So I was waiting for a train, while reading the geek history “On The Edge: The Spectacular Rise and Fall of Commodore” (which — in my humble geeky opinion — really is excellent). The station host lady looked at it, and (given its lovely hardback binding and olde booke looke when it’s out of its dustjacket) asked if it were some classic piece of literature or history.
I said no, it was a history of electronics. (I dumbed my answer down a tad.)
She paused, her interest in it completely quashed, totally pounded without mercy into the ground. It would be a cold day in hell before she’d even consider glancing at such a book.
Then as politely as possible: “We really are all different, aren’t we.”
I couldn’t help but agree.
4 replies on “Geek history books”
It is nice to connect with people who are very different to yourself. No matter how different you both are, you can still exchange nice words. Now what’s the bet if you had said it was about the Commodore 64 computer from the eighties? she might have had a vague idea.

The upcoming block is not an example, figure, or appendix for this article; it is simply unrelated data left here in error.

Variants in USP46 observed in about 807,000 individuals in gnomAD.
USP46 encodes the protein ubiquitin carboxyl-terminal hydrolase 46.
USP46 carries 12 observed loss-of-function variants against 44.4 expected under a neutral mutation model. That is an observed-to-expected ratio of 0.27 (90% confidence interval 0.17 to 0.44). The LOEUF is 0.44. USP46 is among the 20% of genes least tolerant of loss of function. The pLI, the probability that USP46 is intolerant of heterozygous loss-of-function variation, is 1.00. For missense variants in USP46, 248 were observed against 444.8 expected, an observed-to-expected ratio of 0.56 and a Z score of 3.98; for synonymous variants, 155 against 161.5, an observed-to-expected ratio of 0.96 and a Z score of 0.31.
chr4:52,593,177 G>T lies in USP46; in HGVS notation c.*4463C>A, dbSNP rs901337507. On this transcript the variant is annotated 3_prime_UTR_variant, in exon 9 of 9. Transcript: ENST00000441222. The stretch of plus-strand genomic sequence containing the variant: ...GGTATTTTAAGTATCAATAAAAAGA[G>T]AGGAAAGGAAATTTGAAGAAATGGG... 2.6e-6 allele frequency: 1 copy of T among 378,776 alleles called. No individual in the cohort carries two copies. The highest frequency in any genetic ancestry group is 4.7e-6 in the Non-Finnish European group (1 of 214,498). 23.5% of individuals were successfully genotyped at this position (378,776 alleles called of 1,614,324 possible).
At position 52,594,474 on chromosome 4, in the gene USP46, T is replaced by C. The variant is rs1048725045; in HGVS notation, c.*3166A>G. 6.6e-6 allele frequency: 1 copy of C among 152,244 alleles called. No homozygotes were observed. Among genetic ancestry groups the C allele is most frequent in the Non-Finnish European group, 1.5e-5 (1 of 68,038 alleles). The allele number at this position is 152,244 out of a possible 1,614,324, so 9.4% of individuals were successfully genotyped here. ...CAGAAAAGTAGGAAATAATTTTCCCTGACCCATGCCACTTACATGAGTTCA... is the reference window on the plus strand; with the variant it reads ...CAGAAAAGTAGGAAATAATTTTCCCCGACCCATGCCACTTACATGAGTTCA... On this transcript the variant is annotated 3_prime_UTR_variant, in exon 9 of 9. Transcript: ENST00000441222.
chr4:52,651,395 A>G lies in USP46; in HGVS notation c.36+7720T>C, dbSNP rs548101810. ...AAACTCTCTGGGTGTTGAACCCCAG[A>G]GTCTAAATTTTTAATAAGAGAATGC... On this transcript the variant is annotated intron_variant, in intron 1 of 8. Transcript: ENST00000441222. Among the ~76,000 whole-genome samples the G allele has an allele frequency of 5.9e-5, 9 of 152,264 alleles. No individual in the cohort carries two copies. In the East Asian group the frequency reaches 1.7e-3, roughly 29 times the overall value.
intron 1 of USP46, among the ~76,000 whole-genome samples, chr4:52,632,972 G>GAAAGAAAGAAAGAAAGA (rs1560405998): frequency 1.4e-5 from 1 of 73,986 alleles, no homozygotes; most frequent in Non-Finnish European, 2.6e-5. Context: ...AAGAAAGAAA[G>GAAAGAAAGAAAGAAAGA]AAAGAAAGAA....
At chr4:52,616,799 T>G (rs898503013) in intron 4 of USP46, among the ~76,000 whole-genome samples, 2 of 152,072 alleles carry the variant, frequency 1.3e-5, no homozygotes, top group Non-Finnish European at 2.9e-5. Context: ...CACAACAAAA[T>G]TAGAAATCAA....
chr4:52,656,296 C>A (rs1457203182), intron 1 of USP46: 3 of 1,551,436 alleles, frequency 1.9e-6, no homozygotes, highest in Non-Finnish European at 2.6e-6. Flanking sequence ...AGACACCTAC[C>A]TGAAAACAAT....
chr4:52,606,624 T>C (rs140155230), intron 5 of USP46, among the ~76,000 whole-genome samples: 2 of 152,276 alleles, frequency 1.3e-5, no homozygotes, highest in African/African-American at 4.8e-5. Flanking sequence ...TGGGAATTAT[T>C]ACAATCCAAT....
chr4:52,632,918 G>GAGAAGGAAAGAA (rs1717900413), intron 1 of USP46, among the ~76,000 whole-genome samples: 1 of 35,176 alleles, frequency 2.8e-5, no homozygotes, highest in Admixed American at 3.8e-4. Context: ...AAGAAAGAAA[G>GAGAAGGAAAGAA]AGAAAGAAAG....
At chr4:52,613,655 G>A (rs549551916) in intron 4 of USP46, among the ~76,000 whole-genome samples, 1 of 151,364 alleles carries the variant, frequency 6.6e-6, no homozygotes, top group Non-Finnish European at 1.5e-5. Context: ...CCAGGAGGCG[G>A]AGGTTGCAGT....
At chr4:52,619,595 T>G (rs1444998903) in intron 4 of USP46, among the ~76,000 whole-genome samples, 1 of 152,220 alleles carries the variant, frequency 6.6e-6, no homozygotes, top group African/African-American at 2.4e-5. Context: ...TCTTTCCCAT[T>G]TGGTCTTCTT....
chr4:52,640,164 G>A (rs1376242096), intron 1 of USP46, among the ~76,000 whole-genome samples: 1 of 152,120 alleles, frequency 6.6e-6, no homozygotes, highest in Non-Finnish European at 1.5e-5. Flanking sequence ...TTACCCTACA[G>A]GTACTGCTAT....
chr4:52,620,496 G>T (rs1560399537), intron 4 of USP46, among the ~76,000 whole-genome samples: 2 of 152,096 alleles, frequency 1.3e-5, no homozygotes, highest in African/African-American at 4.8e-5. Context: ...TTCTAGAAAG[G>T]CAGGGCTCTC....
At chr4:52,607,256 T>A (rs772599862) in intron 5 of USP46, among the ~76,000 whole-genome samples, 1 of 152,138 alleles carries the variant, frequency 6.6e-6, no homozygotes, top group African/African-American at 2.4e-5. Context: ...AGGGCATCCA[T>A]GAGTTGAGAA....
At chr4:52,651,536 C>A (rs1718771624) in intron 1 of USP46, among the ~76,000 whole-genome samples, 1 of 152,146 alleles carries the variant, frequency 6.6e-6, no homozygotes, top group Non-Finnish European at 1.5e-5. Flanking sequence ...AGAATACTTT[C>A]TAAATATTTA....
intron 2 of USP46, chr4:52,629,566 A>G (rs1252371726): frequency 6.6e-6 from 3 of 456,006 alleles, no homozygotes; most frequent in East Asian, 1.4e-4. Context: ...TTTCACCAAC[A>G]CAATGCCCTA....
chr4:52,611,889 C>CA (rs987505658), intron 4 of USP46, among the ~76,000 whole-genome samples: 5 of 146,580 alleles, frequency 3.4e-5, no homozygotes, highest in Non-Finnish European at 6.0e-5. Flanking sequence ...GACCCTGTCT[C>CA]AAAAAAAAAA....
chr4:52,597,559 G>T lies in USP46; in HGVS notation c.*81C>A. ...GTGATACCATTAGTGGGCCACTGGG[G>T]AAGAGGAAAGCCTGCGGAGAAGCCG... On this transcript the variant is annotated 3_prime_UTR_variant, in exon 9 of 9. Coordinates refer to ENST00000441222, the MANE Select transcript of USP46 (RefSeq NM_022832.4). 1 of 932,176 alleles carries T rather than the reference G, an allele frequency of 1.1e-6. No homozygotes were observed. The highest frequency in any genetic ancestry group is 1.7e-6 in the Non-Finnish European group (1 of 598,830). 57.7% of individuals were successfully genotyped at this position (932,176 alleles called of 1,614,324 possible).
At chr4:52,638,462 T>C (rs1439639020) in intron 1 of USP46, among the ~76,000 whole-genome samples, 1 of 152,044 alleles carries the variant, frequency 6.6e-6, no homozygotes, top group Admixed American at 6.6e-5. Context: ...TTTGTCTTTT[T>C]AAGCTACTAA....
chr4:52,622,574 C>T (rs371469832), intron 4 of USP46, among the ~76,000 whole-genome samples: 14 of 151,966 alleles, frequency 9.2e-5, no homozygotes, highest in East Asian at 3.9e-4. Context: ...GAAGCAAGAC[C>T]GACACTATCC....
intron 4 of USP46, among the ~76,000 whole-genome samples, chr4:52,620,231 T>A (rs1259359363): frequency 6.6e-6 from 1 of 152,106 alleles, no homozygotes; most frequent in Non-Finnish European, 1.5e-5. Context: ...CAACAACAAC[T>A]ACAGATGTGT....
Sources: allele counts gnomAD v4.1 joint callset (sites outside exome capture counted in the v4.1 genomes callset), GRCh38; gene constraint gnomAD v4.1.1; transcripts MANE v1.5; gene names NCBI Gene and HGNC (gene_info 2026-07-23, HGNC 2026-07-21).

I have the exact same reaction to books by Danielle Steele.
Geekdom is way beyond my capacity … but I love the benefits to me, like responding to a blog (what’s a BLOG!!??) written by someone who I will never cross physical paths with, about … well, everything in life. Long live geekdom (within reason of course)!
ps love the Tuesday Age Geek spread. I read most words, understand that it is in English, understand that it is about technical things, but really only understand a small percentage of stuff, viz this Tuesday’s dicussion of packets, and billions and billions of internet addresses not being enough to go round. I am proud though of knowing what Voip protocol refers to, but amazed that this all started in 1980, WHEN I WAS YOUNG, and I didn’t catch up to it till it was well established. Where will it all end? Well, dammit, somewhere where I won’t be around to see it!
Andrew: Fair point. One shouldn’t judge by appearances… she might remember.